The Ketchikan City Council voted quickly and without much discussion on Thursday to move forward with an ordinance designed to restrict hawking in downtown Ketchikan.
The ordinance passed unanimously in first reading, and will come back for a second vote during the Council’s April 7 meeting. If it’s adopted, business owners and their employees in the downtown area would be prohibited from engaging customers with the intent of encouraging them to make purchases, unless it is within a business.
Exceptions will be made for dock vendors and businesses with special permits.
The ordinance also establishes fines. A first offense would cost $200, a second violation within a year is $300, and all subsequent violations in a year are $500 each.
Susan Peters, a downtown business owner, was on an advisory committee that recommended the ordinance. She spoke during public comment, and says the ordinance is a good first step “to control inappropriate solicitations to people harmlessly walking the streets of our downtown.”
Also Thursday, the Council voted unanimously to protest a liquor license renewal for First City Saloon, citing a failure to pay property and rental taxes. The state Alcoholic Beverage Control Board makes the final decision on renewals, but the city’s protest will be considered.
A public hearing on the protest has been scheduled for the start of the April 7 regular Council meeting.
The Council spent quite a bit of time Thursday talking about new water and wastewater lines on Front, Mill and Stedman streets. The State of Alaska plans to repave that section of state highway next spring, and the city historically tries to conduct utility work in conjunction with repaving, so the road doesn’t have to be torn up twice.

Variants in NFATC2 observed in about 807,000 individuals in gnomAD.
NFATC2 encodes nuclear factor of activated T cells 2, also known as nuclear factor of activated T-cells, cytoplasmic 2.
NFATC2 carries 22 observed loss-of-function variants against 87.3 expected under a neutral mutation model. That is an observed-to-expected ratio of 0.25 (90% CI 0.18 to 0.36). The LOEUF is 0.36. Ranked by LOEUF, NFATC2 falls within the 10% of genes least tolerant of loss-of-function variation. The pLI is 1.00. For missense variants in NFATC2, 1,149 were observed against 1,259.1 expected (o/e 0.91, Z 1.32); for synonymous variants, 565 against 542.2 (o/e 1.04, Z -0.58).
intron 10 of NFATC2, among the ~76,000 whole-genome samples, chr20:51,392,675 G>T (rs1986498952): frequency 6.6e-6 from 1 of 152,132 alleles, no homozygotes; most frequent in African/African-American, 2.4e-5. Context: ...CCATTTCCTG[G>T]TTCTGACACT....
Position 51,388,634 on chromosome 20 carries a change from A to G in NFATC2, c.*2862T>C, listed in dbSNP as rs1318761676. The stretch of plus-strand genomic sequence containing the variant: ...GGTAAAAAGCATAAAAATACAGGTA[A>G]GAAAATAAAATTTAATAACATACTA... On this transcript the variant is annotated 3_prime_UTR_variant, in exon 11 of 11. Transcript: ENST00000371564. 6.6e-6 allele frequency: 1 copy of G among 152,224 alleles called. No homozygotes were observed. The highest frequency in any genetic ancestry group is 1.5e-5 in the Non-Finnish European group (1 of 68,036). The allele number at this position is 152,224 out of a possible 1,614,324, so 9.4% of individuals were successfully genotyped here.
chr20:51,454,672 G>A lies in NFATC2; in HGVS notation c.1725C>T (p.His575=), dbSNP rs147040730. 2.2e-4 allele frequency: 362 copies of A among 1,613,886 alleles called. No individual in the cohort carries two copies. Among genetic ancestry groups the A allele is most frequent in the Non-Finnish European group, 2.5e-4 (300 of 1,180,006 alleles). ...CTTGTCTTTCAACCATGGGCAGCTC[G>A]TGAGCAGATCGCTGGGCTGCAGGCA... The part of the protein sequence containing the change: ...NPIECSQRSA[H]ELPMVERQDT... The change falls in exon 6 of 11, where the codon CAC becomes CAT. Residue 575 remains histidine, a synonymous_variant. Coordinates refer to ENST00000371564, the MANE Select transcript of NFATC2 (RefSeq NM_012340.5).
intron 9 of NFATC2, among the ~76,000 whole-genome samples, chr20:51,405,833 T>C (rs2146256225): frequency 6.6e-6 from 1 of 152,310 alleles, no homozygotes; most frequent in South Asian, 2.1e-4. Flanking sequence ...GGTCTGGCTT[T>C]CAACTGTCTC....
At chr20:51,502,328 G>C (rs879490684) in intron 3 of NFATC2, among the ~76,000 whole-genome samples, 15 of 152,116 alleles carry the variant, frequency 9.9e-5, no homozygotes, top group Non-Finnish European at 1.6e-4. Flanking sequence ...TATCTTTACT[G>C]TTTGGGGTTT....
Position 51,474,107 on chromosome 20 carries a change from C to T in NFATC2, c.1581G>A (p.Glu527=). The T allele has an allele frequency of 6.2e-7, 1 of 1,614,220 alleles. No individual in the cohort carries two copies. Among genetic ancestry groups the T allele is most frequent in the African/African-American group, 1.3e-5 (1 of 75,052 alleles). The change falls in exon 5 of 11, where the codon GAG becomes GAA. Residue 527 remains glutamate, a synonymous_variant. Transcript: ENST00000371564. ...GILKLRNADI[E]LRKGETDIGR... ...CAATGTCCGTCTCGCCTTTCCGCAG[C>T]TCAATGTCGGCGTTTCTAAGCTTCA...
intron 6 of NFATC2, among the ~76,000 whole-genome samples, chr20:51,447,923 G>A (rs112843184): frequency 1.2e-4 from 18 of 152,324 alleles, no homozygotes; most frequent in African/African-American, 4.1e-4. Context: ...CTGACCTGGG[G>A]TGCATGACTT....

But, there was concern about how to pay for the new pipes, estimated to cost up to $2.6 million. Bonding was discussed, but that likely would lead to rate increases.
Mayor Lew Williams III said, “We’ve hit the water for three years in a row, and I’ve been telling everybody this is the last one. Now we’re doing this and saying we’re going to need to raise it again, so I’d rather come up with another way of funding it.”
Williams suggested using reserves and rolling over the debt payment for a different bond that will mature next year.
The Council voted 5-0 to move forward with the project, but didn’t settle yet on how to pay for it. Council Members Julie Isom and Dave Kiffer were absent on Thursday.
Also last night, the Council voted unanimously to approve a contract between Ketchikan Public Utilities Telecommunications Division and Verizon Wireless. That contract will allow KPU to start selling Verizon products locally.
KPU Telecom expects to start selling those products this summer.